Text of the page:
YOUNGSTOWN, Ohio (WKBN) – A forensics chemist from Cuyahoga County broke down the science behind the opioid epidemic, explaining just how dangerous the drugs are.
Shaena Taylor, a Youngstown State graduate, was back on campus Monday to talk to college students about the heroin and fentanyls. Even some students from Westminster College came to listen.
She said Ohio is dangerously unique with its drug problem. There are so many different drugs that are constantly changing, making her job and the jobs of law enforcement more difficult.
“There really isn’t any research out there as to how potent these are,” Taylor said.
Her audience can see the effect drugs have, and it’s emotional.
“Even kids I grew up with who just had the brightest of futures, and watching them do these drugs and hearing about so many people getting taken off the streets,” said Westminster junior Stefan Roth.
“It happens to people our age and it happens so commonly with people that I could so easily relate, and going down a path like that makes me upset,” said Madison Ordonez, a junior at Westminster.
Drugs like cocaine and heroin have been at the top of the list for users for a long time. But Taylor said it’s the new drugs, like fentanyl and carfentanyl, that are quickly rising to the top.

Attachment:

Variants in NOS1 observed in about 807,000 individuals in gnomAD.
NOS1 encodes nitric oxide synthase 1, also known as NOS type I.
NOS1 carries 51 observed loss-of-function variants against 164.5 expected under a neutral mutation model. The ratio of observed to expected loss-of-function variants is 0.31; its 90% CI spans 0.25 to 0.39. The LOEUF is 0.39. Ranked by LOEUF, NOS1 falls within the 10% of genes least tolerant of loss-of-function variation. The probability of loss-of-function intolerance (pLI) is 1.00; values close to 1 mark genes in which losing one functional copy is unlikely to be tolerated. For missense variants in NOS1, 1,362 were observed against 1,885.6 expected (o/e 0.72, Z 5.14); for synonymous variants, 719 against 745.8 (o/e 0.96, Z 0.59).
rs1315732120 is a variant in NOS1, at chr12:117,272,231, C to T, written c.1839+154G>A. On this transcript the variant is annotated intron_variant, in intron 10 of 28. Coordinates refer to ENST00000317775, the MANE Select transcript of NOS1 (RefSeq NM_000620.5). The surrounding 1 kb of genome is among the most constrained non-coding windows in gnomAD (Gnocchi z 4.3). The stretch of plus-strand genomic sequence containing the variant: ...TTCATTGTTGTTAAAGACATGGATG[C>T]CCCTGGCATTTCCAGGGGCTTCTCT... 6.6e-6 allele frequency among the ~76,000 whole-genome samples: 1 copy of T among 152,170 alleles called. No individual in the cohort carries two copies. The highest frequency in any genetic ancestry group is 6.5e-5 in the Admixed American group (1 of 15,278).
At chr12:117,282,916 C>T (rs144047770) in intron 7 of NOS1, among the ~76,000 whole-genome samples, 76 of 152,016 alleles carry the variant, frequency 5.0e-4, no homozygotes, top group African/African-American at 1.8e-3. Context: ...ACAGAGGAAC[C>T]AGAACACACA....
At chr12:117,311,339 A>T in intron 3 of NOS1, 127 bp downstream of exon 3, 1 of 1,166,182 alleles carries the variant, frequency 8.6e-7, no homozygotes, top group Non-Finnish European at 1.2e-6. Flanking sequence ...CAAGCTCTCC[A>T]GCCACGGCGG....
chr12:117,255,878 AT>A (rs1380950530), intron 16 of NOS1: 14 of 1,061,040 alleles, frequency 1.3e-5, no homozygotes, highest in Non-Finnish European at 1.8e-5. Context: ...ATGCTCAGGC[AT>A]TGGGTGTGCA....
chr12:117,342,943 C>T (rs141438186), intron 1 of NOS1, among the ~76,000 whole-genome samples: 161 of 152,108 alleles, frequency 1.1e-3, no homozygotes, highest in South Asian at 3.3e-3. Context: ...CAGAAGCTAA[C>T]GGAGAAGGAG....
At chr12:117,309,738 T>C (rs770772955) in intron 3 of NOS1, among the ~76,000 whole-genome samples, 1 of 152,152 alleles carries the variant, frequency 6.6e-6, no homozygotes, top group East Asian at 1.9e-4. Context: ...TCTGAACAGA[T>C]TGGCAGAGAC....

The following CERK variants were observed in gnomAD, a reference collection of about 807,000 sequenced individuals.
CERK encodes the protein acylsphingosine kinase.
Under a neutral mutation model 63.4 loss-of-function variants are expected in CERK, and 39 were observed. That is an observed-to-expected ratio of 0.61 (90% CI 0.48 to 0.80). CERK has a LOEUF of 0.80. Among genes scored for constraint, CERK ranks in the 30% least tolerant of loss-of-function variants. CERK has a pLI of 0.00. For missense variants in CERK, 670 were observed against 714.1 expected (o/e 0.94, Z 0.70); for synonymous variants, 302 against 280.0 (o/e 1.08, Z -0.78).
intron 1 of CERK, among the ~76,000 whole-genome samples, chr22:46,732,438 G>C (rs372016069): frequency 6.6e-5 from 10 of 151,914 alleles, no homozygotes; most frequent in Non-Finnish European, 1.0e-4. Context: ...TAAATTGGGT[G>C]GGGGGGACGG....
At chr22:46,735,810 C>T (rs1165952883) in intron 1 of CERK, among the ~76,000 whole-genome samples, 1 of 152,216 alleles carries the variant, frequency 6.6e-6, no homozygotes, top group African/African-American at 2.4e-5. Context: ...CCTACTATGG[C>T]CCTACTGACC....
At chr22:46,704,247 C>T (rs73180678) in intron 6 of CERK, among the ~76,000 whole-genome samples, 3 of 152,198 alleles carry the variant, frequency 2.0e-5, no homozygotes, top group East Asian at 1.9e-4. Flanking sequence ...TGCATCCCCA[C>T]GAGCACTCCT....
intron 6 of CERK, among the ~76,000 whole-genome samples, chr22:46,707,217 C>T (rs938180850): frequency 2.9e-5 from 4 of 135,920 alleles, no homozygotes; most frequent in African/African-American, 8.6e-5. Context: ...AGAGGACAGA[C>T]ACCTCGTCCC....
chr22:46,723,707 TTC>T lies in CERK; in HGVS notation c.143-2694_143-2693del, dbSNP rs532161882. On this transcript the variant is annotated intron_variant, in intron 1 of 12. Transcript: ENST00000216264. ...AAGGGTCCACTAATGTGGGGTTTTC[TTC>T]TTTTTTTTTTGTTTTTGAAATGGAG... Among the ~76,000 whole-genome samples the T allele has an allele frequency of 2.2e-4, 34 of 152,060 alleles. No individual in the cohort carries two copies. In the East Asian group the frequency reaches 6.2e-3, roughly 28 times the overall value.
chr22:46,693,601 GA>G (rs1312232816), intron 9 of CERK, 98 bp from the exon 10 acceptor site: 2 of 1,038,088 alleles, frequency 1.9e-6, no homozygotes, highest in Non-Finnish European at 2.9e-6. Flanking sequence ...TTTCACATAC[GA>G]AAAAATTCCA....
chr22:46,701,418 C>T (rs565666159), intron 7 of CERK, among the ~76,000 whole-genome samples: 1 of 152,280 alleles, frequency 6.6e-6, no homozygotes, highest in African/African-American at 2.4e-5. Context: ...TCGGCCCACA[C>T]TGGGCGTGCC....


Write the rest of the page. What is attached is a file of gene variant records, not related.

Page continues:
“The amount of heroin isn’t necessarily, it’s still our number three. But our fentanyls have jumped to our top ten.”
Taylor said she gets numerous samples of drugs — many of them combinations of fentanyls and carfentanils mixed together, which she said is causing a majority of the problems.
She and her staff work at least 7,200 cases a year. She’s watched the illegal drug market change — now, most opioids come from China.
“Chemists are out there in different countries just altering things a little bit and we don’t know how it’s going to affect your body,” Taylor said.
On top of working in Cuyahoga County, Taylor also works with the Border Patrol and post office. As it becomes easier to send and receive drugs online, more precautions are being taken.
“Just particles in the air can cause overdoses, so there’s a lot of safety concerns to everybody involved — from your first responders, to your investigators, to your pathologists, to all the people who could handle the drugs,” she said.
Taylor keeps naloxone, the opioid overdose reversal drug, in her lab in case of an accidental overdose.